Author Topic: Powdercoating  (Read 2680 times)

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« on: December 25, 2012, 07:11:38 PM »

jrpwracing

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Powdercoating
« on: December 25, 2012, 07:11:38 PM »
Just wanted to drop a note and let everyone know that JRPW Racing in Martinez is providing our custom Powdercoat service to the Augusta area. Multitudes of colors available. Incredible results, reasonable rates, and quick turnaround. Contact us today, Jimmy Rivers 706-863-1206

«Reply #1 on: December 26, 2012, 03:04:50 PM »

Rican240sx

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Powdercoating
« Reply #1 on: December 26, 2012, 03:04:50 PM »
How much for Motorcycle Rears Sets in a matte/satin black?
Nick O.
07 Tundra
05 R1For Sale

Neighborhood nice guy.

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«Reply #2 on: December 26, 2012, 08:47:44 PM »

jrpwracing

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Powdercoating
« Reply #2 on: December 26, 2012, 08:47:44 PM »
Motorcycle wheels usually run $45 each. Blasting to remove old powder or paint is $35 each. Extremely intricate wheels may cost a little more. Blacks are a single coat color, candies or others requiring a base coat usually run 50% more to coat due to the increased time and powder. Jimmy 706-863-1206

«Reply #3 on: December 26, 2012, 08:50:22 PM »

jrpwracing

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Powdercoating
« Reply #3 on: December 26, 2012, 08:50:22 PM »
I just re-read post, if you are talking about gears, most are about $25ish each plus the blasting time. Jimmy

«Reply #4 on: December 27, 2012, 09:53:22 AM »

Rican240sx

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Powdercoating
« Reply #4 on: December 27, 2012, 09:53:22 AM »
Rearsets are the Pegs.  

Here\'s a pic of the actual items I want to have done.

I would bring them to you dissembled.



&

Nick O.
07 Tundra
05 R1For Sale

Neighborhood nice guy.

«Reply #5 on: December 27, 2012, 09:54:43 AM »

Rican240sx

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Powdercoating
« Reply #5 on: December 27, 2012, 09:54:43 AM »
one last thing

I have silver CRG levers I\'d like to get done while I am at it.



this is a bike like mine with the rear sets done (barley can see them in the photo).. but this is what I\'m looking for.

Nick O.
07 Tundra
05 R1For Sale

Neighborhood nice guy.

«Reply #6 on: December 27, 2012, 10:34:36 AM »

jrpwracing

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Powdercoating
« Reply #6 on: December 27, 2012, 10:34:36 AM »
Ready, Willing, & Able, drop by anytime you like. Once I see the parts disassembled I can nail the price down, however it looks like $100-$125 out the door. Jimmy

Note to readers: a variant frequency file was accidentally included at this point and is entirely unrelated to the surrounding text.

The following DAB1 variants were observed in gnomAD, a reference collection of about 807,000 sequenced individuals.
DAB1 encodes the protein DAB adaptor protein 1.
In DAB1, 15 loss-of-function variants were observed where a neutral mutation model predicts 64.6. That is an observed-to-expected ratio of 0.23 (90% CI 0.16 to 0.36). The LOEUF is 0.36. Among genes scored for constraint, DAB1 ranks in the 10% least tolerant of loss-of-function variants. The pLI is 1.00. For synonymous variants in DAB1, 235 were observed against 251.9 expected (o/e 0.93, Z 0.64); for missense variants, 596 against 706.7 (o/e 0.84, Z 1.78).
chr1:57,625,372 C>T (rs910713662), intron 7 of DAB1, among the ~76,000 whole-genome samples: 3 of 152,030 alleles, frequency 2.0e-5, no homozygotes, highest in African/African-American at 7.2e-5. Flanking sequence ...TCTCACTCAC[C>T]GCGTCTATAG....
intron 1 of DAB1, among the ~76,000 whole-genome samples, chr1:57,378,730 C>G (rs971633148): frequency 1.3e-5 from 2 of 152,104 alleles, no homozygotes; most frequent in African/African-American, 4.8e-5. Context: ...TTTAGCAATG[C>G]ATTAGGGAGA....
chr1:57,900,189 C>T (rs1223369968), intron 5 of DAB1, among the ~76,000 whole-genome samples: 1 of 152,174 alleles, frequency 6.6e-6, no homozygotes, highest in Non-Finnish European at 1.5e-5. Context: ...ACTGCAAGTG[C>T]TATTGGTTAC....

«Reply #7 on: January 18, 2013, 08:46:18 PM »

Michael Yount

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Powdercoating
« Reply #7 on: January 18, 2013, 08:46:18 PM »
I ended up painting my aluminum alloy wheels instead of powder coating because I could never get a good answer about the possibility of strength loss to the wheels because of the heat required to set the coating.  Described below -- what\'s your take on this?  Thanks!  Michael

\"Treating of Alloy wheels Post manufacture
Powder coating temperature range 150 210 C.

Since the powder coating temperature overlaps with the strengthening temperature there could be strength
issues with the wheels after powder coating. It could cause the wheel to prematurely crack, at the very least the wheel material will become overaged and weaker.
The main saving grace here is that if the wheel was reasonably manufactured and inspected in the first place it should be ok. One would expect a structural safety factor for normal driving of 4, and maybe as low as 2 for tracking, but it is the reduction in fatigue life that will be a cause for concern due to the exponential reduction in fatigue life due to small reductions in strength of aluminium Alloys. Also with any reduction in strength, crack propagation becomes an issue, almost all wheels have cracks in them, the issue is are they large enough to propagate when stressed, and when does the crack become large enough to cause failure.\"
'82 Volvo 242; '10 Cayman S; '15 Fit

«Reply #8 on: January 24, 2013, 06:28:53 AM »

jrpwracing

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Powdercoating
« Reply #8 on: January 24, 2013, 06:28:53 AM »
Having taken metallurgy classes years ago, unless you get in the vicinity of the melting point of the material, you will not structurally alter the base. Many, Many of todays performance and racing cars have powdercoated wheels and structural items, 375 or 400 degrees will not affect the strength of a wheel at all. Jimmy 706-863-1206

«Reply #9 on: January 24, 2013, 06:33:13 AM »